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August 2004


Karan Johar's Kabhi Khushi Kabhie Gham has become the first commercial Indian film to release in mainstream cinemas across Europe, Egypt and Iran as also in Korea. It was released in France in May and has either been released or is due to open in countries like Germany, Switzerland, Austria, Finland, Yugoslavia, Serbia, Croatia, Slovenia, Bosnia, Herzegovina, Montenegro, Macedonia, Belgium, Luxembourg, Egypt and Iran.

Meanwhile, the blockbuster Kaho Na... Pyaar Hai has been dubbed in Spanish and released in Spain and 20 countries in Latin America. The Spanish version is an hour shorter than the three-hour original and the number of songs has been cut to two from seven and re-recorded in Spanish by local singers.

Deepa Mehta's troubled project River Moon has finally got its leading man and leading lady: John Abraham and Lisa Ray. Mehta's original choices, Rahul Khanna and Kareena Kapoor, had earlier opted out citing date problems.

Mahesh Manjrekar has signed Amitabh Bachchan and Sharmila Tagore for AB Corp's Versus (Virudh). To be made in Hindi and English simultaneously, the film will co-star Manjrekar's favourite actor Sanjay Dutt and John Abraham in pivotal roles.

Veteran Anil Kapoor and youngster Shahid Kapur are coming together in Deewane Huye Paagal which is rumoured to be a loose remake of the Hugh Grant-starrer Mickey Blue Eyes. Directed by Ahmed Khan, the movie has Shahid as a fun-loving mechanic in love with a girl whose elder brother (played by Anil Kapoor) is a mobster. The casting of Shahid's love interest is yet to be finalised.

Sohail Khan is producing a film which will star his brother Salman and his lady love Katrina Kaif. Sushmita Sen too has bagged a role in the yet untitled movie film which is being directed by comedy king David Dhawan.


Lakshya (Goal)

Starring: Amitabh Bachchan, Hrithik Roshan, Preity Zinta

Director: Farhan Akhtar

Music Directors: Shankar-Ehsaan-Loy

Don't go expecting another Dil Chahta Hai, and you won't be disappointed. Lakshya, Farhan Akhtar's second coming after his smashing debut, has none of the banter and playfulness of DCH. The movie also marks the return of his father Javed Akhtar as a scriptwriter after a hiatus of 15 years.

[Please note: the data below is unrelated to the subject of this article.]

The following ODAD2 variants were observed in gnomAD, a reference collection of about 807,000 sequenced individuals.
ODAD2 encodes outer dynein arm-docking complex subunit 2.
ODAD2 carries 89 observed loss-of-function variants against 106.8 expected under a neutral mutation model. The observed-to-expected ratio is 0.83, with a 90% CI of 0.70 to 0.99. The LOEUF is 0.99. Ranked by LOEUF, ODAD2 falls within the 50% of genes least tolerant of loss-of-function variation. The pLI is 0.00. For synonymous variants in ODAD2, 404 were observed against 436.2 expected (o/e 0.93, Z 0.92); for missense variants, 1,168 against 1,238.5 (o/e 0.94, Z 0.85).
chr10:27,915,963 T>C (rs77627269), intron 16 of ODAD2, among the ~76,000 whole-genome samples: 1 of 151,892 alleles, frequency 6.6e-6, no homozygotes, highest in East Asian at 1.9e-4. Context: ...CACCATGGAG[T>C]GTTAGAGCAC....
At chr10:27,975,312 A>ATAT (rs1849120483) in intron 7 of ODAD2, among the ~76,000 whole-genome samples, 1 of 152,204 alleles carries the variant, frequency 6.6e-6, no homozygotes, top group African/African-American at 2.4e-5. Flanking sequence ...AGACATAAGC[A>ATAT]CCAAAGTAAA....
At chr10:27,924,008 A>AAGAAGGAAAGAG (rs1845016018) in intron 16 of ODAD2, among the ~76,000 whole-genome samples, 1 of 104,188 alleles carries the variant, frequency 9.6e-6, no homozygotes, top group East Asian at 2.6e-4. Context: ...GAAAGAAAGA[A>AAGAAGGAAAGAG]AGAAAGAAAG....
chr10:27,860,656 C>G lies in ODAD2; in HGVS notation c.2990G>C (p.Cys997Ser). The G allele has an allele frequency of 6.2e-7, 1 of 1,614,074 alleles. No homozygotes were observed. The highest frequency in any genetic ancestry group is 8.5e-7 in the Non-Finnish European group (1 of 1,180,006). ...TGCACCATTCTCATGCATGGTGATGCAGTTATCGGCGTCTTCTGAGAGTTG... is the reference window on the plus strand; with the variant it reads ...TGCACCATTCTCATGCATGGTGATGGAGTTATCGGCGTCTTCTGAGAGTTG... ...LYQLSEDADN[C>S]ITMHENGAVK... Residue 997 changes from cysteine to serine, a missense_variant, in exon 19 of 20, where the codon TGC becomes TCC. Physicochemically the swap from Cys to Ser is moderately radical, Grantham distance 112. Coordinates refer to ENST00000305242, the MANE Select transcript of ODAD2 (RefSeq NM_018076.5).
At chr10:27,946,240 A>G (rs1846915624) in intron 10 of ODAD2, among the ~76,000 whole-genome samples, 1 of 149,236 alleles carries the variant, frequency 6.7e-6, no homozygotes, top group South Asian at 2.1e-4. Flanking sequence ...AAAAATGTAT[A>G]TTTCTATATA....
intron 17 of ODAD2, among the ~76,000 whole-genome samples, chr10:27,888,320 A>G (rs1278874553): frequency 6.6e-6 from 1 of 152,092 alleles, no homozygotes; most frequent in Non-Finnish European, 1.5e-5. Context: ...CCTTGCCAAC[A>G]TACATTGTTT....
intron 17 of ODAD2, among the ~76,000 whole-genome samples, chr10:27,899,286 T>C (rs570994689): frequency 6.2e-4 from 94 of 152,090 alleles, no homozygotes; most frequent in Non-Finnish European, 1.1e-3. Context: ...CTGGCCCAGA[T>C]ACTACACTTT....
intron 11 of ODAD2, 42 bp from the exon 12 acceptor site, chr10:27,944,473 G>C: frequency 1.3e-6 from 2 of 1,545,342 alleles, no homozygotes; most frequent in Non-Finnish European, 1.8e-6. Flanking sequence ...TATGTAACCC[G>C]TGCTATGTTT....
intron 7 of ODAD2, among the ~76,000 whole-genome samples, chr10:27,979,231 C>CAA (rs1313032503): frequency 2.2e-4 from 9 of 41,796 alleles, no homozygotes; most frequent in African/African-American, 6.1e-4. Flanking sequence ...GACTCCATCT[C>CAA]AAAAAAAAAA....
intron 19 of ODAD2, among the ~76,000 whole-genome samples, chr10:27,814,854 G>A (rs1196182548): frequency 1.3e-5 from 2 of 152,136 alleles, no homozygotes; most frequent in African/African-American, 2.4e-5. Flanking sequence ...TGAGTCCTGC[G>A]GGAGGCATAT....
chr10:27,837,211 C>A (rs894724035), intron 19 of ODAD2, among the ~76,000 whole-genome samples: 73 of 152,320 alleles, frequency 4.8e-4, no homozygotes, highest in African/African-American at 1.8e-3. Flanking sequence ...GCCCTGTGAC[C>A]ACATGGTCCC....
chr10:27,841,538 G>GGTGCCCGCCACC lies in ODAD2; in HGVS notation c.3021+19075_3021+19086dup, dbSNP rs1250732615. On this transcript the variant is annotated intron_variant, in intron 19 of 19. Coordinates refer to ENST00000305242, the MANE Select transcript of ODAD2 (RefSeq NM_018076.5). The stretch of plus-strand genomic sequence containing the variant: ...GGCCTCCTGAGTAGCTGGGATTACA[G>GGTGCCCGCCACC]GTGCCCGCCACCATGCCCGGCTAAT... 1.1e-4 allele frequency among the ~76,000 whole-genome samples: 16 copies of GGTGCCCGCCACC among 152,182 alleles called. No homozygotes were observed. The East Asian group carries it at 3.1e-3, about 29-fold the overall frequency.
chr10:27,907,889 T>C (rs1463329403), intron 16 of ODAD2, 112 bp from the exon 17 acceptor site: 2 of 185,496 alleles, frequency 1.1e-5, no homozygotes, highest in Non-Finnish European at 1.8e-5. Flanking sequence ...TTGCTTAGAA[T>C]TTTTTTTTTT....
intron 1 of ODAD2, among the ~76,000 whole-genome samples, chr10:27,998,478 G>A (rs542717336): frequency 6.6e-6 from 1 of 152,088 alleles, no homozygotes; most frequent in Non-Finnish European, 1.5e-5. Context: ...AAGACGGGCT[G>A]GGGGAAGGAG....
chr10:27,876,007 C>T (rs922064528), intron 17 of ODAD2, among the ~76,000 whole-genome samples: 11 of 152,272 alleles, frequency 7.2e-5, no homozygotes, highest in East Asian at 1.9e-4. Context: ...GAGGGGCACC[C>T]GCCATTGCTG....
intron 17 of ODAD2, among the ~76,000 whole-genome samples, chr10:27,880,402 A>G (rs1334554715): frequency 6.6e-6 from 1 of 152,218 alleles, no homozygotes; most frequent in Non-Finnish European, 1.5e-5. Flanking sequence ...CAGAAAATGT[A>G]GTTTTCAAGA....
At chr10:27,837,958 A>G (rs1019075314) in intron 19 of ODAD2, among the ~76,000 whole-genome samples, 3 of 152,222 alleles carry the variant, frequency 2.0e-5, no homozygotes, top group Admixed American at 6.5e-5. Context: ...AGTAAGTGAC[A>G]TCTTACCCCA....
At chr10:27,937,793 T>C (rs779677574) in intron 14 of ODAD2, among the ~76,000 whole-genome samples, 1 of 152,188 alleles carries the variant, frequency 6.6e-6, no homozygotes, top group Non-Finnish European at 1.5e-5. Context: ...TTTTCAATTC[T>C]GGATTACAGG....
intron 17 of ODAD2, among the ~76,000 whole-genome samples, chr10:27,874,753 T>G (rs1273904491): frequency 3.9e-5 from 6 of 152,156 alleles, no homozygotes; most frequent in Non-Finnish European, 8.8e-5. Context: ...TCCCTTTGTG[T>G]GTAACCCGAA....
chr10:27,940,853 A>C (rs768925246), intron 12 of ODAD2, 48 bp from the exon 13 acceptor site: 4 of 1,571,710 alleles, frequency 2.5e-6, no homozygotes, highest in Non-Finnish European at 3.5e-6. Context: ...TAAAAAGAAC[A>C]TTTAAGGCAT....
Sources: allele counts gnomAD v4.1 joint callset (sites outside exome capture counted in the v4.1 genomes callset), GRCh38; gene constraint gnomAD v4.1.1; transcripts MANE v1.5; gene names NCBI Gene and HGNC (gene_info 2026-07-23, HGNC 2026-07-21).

Set against the backdrop of the 1999 Kargil war, this drama, largely shot in the Ladakh region, takes us through one man's journey into finding a purpose in life. It is the story of Karan Shergill, an aimless urban drifter who discovers his lakshya when he joins the Armed Forces. Though the story has twists and turns aplenty in the first half, the impact is diluted because everything unfolds very slowly. In fact, the narrative moves in such a languorous manner throughout that the average cinegoer would start feeling restless after a point. The war scenes, though well executed, get boring after a while, more so because one had seen similar scenes not too long back in J.P. Dutta's LoC.

On the plus side, the sequences in the Indian Military Academy have been filmed with flourish. The entire track, showing Hrithik's evolution from a non-focused youth to a disciplined cadet, is one of the best parts of the narrative. The background score for the sequences leading to the climax is fantastic. But the songs pale when you compare them with the scintillating Dil Chahta Hai numbers.

The film without a doubt belongs to Hrithik who stands out with his subtly shaded performance. The only other actor who makes some impression is Sushant Singh playing a Muslim soldier. The mighty Amitabh Bachchan is wasted in a role that makes a mockery of his calibre. Preity Zinta as the crusading TV journalist Romilla Dutta enacts her role with elan but it is hard to digest that a war reporter would scream at the sight of a mutilated body of a soldier!

Technically, Lakshya is a pretty slick, polished product. Cinematography by the German-born, Los Angeles-based Christopher Popp is brilliant. In fact, you could say that Popp is the other hero of the film!

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